In short, the essence of the relationship between LACSA and Caribbean is one where Caribbean was engaged in: 1) creating and promoting a market for LACSA; 2) selling and closing sales contracts; and 3) assuming substantial business risk. In particular, the latter factor is underscored. Since Caribbean assumed a great risk under this contract, it leads us to the only conclusion that Caribbean is a dealer within the meaning of Law 75.
Since it is clear that Caribbean is a dealer within the meaning of Law 75, we must now consider whether provisional remedies under ARticle 3A should be granted. See DeMOSS v. KELLY SERVICES, INC., 493 F.2d 1012, 1015 (1st Cir. 1974) (the federal district court is not foreclosed from utilizing the provisional remedy of Article 3A for a Law 75 claim). We must also decide whether injunctive relief should be granted to LACSA.
In determining Caribbean's request for provisional remedies, the Court must consider both the public policy underlying Law 75 and the interests of all parties concerned. 10 L.P.R.A. sect. 278b-1. See LUIS ROSARIO, INC.v. AMANA REFRIGERATION, INC., 733 F.2d 172, 173 (1st Cir. 1984); PAN AMERICAN DATA COMPUTER CORP. v. DATA GENERAL CORP., 652 F.2d 215, 217 (1st Cir. 1981). As previously mentioned, the public policy behind Law 75 was to avoid the abusive practices of suppliers who would, without just cause, eliminate their dealers or agents as soon as a favorable market was created. Laws of Puerto Rico 1964, at 231. As to the other consideration, neither the statute itself nor the case law provides much guidance as to the method of weighing the parties' interests.
In determining LACSA's request for injunctive relief, the standard used in a preliminary injunction question is whether there is a likelihood of success on the merits and the existence of immediate irreparable harm which outweighs any possible harm to defendants from the injunctive relief sought. GARZARO v. UNIVERSITY OF PUERTO RICO, 575 F.2d 335, 338 (1st Cir. 1978); AUTOMATIC RADIO MFG. CO. v. FORD MOTOR CO., 390 F.2d 113, 115 (1st Cir. 1968), cert. denied, 391 U.S. 914, 88 S. Ct. 1807, 20 L. Ed. 2d 653 (1968); SALOMON/NA v. AMF, INC., 484 F. Supp. 846 (D.Mass. 1980).
The court is not required under Article 3A to "make formal findings on the usual preliminary injunction criteria of irreparable harm and probability of success on the merits . . ." PAN AMERICAN, 652 F.2d at 216-217 (citing DeMOSS, 493 F.2d at 1015); LUIS ROSARIO, INC., 733 F.2d at 173 ("under Article 3A the district court need not automatically take 'probability of success' into account (citation omitted); but nothing in Article 3A says that it may not ever do so") (emphasis provided by the opinion). Nevertheless, "the court's view of the merits would certainly affect its judgment of the weight of the parties' interests and of the injunction's effect on the statutory policies." LUIS ROSARIO, INC., 733 F.2d at 173 (district court did not err in considering likely presence or absence of just cause in denying injunctive relief); PAN AMERICAN, 652 F.2d at 217. The provisional remedies of Article 3A are designed to maintain the "status quo" and provide for the continuation of the relationship during the pendency of the litigation.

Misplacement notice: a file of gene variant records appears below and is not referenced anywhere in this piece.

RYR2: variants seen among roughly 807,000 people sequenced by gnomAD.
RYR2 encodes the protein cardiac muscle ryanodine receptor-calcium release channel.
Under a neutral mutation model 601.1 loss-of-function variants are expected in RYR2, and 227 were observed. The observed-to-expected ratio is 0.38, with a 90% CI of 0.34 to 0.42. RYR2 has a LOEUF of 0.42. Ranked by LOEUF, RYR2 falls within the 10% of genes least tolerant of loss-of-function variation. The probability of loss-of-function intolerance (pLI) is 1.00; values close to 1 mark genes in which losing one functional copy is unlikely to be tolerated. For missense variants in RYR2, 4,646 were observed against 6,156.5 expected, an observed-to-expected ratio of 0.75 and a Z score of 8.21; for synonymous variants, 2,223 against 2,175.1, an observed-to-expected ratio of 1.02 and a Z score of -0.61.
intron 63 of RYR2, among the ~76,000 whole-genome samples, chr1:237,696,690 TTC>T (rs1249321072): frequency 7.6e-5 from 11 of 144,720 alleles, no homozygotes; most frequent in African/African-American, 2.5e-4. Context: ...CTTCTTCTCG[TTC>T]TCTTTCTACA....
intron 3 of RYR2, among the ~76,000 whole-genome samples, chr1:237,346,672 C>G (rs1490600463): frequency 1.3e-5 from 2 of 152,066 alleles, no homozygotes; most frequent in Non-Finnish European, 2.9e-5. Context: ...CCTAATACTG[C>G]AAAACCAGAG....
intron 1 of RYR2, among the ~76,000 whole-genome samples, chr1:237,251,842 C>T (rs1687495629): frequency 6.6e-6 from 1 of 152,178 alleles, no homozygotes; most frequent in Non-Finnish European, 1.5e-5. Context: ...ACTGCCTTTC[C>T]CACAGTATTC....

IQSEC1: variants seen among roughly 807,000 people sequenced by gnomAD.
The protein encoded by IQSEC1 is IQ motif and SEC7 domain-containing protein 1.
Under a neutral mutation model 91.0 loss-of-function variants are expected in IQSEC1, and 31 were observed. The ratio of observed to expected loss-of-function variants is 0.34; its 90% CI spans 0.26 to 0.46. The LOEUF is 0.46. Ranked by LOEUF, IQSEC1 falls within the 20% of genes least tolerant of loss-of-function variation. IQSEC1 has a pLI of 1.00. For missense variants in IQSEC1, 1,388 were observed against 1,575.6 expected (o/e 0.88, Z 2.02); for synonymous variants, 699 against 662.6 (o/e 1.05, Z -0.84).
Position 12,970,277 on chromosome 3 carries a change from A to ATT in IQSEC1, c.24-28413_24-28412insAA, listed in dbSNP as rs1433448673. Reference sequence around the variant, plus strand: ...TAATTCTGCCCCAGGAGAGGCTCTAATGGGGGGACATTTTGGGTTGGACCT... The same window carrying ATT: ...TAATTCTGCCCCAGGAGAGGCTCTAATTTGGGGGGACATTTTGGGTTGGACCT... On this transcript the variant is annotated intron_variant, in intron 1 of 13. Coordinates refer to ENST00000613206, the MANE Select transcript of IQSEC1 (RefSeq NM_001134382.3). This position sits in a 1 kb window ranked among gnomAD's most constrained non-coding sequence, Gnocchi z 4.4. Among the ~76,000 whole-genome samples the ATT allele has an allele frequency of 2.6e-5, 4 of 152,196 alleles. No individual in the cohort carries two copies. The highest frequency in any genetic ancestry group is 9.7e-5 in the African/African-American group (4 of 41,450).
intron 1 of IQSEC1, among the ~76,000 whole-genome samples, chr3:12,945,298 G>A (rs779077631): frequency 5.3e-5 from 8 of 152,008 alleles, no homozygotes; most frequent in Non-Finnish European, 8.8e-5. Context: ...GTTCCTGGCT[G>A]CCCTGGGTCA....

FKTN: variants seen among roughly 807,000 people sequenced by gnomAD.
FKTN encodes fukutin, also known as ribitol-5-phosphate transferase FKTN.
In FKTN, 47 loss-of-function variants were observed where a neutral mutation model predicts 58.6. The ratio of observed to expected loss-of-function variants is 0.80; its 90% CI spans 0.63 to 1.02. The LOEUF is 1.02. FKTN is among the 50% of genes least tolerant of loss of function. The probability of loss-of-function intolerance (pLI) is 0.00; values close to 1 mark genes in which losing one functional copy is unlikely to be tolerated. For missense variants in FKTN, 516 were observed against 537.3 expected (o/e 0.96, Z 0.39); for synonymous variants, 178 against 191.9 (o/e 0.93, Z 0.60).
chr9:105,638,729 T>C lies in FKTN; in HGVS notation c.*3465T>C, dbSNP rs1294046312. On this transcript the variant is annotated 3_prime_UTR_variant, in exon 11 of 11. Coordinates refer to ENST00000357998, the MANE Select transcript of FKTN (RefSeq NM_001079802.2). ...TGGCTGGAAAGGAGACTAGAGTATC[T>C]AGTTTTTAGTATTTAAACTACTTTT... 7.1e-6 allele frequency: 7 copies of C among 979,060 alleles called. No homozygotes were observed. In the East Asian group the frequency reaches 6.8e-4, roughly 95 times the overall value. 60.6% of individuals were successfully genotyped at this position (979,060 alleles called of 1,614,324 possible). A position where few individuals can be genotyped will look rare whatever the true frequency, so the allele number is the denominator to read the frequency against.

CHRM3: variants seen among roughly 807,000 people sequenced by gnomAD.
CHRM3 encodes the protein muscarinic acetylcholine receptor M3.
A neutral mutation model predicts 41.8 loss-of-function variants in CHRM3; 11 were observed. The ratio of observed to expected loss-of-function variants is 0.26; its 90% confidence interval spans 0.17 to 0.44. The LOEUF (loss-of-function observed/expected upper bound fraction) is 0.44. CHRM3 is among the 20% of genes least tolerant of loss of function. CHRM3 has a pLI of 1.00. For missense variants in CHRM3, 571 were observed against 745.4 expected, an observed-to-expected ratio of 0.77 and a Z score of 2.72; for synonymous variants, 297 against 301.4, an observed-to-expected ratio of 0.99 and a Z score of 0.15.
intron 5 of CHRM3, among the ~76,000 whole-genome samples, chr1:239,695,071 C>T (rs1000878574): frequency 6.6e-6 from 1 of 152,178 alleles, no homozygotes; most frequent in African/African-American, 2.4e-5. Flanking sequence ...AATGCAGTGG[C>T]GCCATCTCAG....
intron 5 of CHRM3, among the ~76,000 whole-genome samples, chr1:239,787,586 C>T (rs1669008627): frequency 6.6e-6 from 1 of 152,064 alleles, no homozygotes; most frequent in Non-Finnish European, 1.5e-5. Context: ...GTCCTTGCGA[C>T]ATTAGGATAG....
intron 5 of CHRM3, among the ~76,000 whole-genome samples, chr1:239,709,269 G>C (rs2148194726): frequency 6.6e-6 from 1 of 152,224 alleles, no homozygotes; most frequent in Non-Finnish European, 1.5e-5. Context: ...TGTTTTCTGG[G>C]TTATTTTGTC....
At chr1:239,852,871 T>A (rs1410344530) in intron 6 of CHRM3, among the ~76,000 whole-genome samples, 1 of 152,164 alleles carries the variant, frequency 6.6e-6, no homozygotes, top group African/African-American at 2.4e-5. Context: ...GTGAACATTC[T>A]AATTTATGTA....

We find that the best interests of the parties would be served by denying their respective requests for injunctive relief. Both sides argue that they will suffer irreparable injury if injunctive relief is not granted immediately. Caribbean alleges it does not have the resources to continue to satisfy the operational expenses considering it no longer receives a subsidy and commission from LACSA. On the other hand, LACSA contends that it runs the risks of losing substantial amounts of money since Caribbean can continue issuing airplane tickets to any part in the world without LACSA's knowledge and without reimbursement. Both argue that their respective good names will be damaged. The parties, however, would be better served by leaving the freight stubs for air travel and airline tickets with Caribbean. LACSA has not demonstrated that Caribbean has been issuing tickets illegally. Moreover, Caribbean is unlikely to issue tickets since it is presently not receiving a commission for its sales. By leaving the situation as it now stands the parties have an incentive to come to an agreement before an arbitrator. Here, the parties agreed in writing to settle any and all disputes through the arbitration route.
The merits of both LACSA's and Caribbean's claims would be more properly addressed before an arbitration tribunal. There exists a strong federal policy in favor of arbitration when stipulated by the parties to a contract. Under the Federal Arbitration Act, 9 U.S.C. sect. 1 et seq., a written provision in a commercial contract requiring arbitration to settle controversies is "valid, irrevocable and enforceable, save for such grounds as exist at law or in equity for the revocation of contract." Id. at sect. 2.